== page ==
Binding: Trade Paperback
Pub. Date: 1/09/2010
Category: Crime & Mystery
Book 5 in the Shardlake series.
Summer, 1545. England is at war. Henry VIII's invasion of France has gone badly wrong, and a massive French fleet is preparing to sail across the Channel. As the English fleet gathers at Portsmouth, the country raises the largest militia army it has ever seen. The King has debased the currency to pay for the war, and England is in the grip of soaring inflation and economic crisis.
Meanwhile Matthew Shardlake is given an intriguing legal case by an old servant of Queen Catherine Parr. Asked to investigate claims of "monstrous wrongs" committed against a young ward of the court, which have already involved one mysterious death, Shardlake and his assistant Barak journey to Portsmouth.
Once arrived, Shardlake and Barak find themselves in a city preparing to become a war zone; and Shardlake takes the opportunity to also investigate the mysterious past of Ellen Fettipace, a young woman incarcerated in the Bedlam. The emerging mysteries around the young ward, and the events that destroyed Ellen's family nineteen years before, involve Shardlake in reunions both with an old friend and an old enemy close to the throne. Events will converge on board one of the King's great warships, primed for battle in Portsmouth harbour: the Mary Rose...
This book came in the mail from Pan Macmillan, and was a nice surprise. This is the fifth book in the Shardlake series, which began with Dissolution, Dark Fire, Sovereign and Revelation. This is the first book in the series I have read.
Shardlake is contacted by Queen Catherine Parr with a request for Matthew, from an old employee. The employees son has committed suicide and had put in a request with the Court of Wards about a young man he used to tutor. That 'monstrous wrongs' were done to the boy. The mother asks Shardlake to look into her sons request to see why he had gone out of his mind and killed himself. Shardlake takes on the case. He has to travel close to Portsmouth where the King's warships are stationed waiting for the French invasion. Shardlake has also decided to look into the past of a woman he regularly visits at the Bedlam. He knows there is something there and wishes to find out the truth.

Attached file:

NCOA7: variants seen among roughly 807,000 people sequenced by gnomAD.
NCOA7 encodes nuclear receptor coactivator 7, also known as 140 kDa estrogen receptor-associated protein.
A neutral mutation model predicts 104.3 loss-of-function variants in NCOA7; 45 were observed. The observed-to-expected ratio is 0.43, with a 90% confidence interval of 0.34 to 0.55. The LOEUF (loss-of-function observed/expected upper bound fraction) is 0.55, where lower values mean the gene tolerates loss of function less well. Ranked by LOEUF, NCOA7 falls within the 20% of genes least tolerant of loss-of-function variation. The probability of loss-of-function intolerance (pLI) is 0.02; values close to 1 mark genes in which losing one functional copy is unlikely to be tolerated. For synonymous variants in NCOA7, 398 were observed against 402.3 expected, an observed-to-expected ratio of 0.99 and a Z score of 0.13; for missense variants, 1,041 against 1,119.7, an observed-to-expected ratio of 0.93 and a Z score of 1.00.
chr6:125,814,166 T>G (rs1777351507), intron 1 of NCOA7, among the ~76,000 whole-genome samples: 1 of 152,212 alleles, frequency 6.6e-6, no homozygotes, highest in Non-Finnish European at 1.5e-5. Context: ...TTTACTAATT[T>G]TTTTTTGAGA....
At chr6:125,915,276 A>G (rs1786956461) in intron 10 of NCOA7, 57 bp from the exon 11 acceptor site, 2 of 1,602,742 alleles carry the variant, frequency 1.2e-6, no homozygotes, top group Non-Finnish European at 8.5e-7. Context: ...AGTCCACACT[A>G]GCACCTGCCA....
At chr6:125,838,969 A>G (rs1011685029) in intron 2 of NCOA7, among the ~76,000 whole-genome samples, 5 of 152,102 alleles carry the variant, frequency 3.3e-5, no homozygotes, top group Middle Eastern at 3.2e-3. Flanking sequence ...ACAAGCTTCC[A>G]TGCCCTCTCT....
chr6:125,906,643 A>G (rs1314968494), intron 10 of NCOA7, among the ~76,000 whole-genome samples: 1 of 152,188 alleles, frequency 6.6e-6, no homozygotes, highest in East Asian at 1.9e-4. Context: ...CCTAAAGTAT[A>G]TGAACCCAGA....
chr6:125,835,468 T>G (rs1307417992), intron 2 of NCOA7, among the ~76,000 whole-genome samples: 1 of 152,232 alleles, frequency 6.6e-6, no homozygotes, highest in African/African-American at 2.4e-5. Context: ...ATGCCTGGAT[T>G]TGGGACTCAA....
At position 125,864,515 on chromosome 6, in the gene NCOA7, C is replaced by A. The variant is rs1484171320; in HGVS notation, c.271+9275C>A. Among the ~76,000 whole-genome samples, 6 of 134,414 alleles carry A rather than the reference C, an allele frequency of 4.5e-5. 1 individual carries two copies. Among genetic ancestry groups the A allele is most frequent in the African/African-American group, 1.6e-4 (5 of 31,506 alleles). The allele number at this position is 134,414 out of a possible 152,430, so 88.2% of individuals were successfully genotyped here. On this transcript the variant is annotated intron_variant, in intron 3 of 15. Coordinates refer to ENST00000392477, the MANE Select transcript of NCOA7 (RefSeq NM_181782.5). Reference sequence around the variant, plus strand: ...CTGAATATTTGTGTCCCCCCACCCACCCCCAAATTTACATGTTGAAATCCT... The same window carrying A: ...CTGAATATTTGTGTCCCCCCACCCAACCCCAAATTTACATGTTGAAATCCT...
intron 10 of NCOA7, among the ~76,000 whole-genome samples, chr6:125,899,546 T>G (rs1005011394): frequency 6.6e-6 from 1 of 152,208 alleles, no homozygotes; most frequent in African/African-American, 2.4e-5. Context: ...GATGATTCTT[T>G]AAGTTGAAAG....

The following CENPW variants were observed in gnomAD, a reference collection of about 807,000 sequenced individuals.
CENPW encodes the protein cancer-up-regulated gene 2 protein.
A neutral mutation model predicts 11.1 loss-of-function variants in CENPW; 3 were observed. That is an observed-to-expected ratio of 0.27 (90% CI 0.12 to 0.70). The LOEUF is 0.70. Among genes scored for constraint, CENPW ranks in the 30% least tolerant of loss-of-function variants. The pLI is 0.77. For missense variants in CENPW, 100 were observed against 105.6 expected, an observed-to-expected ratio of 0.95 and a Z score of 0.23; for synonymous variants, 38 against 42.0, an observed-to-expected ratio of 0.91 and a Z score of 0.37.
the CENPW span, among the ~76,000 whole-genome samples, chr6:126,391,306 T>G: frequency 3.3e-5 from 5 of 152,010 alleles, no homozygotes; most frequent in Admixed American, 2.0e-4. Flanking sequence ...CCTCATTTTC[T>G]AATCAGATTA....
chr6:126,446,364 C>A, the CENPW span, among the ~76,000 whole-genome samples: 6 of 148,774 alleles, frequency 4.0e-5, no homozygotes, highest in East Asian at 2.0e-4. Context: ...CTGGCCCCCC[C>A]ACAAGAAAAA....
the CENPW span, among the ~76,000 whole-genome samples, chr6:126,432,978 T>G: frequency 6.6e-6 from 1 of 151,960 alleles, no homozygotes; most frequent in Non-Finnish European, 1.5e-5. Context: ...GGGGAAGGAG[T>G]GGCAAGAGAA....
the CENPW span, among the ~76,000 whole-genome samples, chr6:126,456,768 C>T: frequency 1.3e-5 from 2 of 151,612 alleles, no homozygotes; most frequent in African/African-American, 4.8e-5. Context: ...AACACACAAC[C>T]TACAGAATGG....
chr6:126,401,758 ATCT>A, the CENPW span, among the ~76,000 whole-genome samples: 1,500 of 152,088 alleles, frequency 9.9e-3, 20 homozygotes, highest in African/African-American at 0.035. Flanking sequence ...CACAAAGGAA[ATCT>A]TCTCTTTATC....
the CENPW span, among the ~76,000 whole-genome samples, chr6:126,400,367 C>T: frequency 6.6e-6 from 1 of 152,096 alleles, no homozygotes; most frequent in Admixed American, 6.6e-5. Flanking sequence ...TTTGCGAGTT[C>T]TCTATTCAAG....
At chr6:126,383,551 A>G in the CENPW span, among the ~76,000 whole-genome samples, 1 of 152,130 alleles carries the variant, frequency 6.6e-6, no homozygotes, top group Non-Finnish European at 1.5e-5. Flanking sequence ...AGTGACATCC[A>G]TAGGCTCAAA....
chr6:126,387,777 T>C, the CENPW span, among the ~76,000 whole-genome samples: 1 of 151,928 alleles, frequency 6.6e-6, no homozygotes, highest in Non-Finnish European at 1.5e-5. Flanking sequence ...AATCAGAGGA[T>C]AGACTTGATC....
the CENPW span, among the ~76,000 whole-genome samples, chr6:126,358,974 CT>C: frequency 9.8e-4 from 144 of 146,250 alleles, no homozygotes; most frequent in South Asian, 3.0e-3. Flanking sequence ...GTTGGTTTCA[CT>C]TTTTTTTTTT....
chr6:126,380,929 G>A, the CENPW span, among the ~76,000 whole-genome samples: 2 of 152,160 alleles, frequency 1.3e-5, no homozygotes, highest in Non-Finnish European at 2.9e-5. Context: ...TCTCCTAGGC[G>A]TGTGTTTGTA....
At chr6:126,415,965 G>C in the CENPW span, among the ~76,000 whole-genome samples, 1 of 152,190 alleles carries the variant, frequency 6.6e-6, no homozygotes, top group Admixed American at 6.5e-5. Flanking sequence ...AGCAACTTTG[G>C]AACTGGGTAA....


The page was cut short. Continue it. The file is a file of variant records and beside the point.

Matthew Shardlake is a champion for those less fortunate, and has to try and find the truth in everything, which doesn't make him many friends, and gets him into trouble. His assistant Barak helps him, but in this book begins to tell Shardlake that this time maybe he should leave well alone. Barak is his sort of voice of reason. I enjoyed Matthew and Barak's characters, they are good friends and work well together. Matthew feels he needs to find the truth while Barak questions his motives and tries to make him see the consequences of his actions. I felt for Matthew, having a disfigurement didn't make life easy for him, he dealt with the abuse that people gave him, and got on with his life. I liked how he helps those less fortunate, even if it puts his life in danger. Once he's on to something he won't stop until he has the truth, thinking that even if it hurts people the truth is always the best. His friend Barak is quite a strong secondary character and has more of a extroverted character. This gets him in a bit of trouble with a recruiting officer and he has to ask Matthew for help to get him out of going to war. His wife is pregnant and he worries about her and doesn't want to leave when the have to travel to Hoyland Priory where the young man lives. When Matthew discovers the truth to both mysteries, it pits his life in danger. He ends up on the Mary Rose, the King's greatest warship, and is there when tragedy strikes. What happens to Matthew changes him and his outlook. Maybe he doesn't need to go chasing down the truth all the time. The ending comes together nicely, and everyone goes about their lives again. Some are changed forever though.
Hearstone is a very large book with a lot of story. It is richly described, almost as if the author has been there and seen everything. There was lots of mystery and intrigue to keep me interested. Sometimes with such large novels the plot can be lost and you lose interest. I never felt that with Heartstone. The conclusion is rather epic, and the author ties history and fiction together so well, you wouldn't know the difference. I liked the addition of people who were alive in 1545, the most obvious being the King and Queen, but also minor characters who Shardlake meets and interacts with. Heartstone is compelling, sumptuous, thrilling, and kept me turning the pages. If you like history with your mystery, Heartstone is the way to go. I wish I could read the other books in this series. I give it 4.5/5.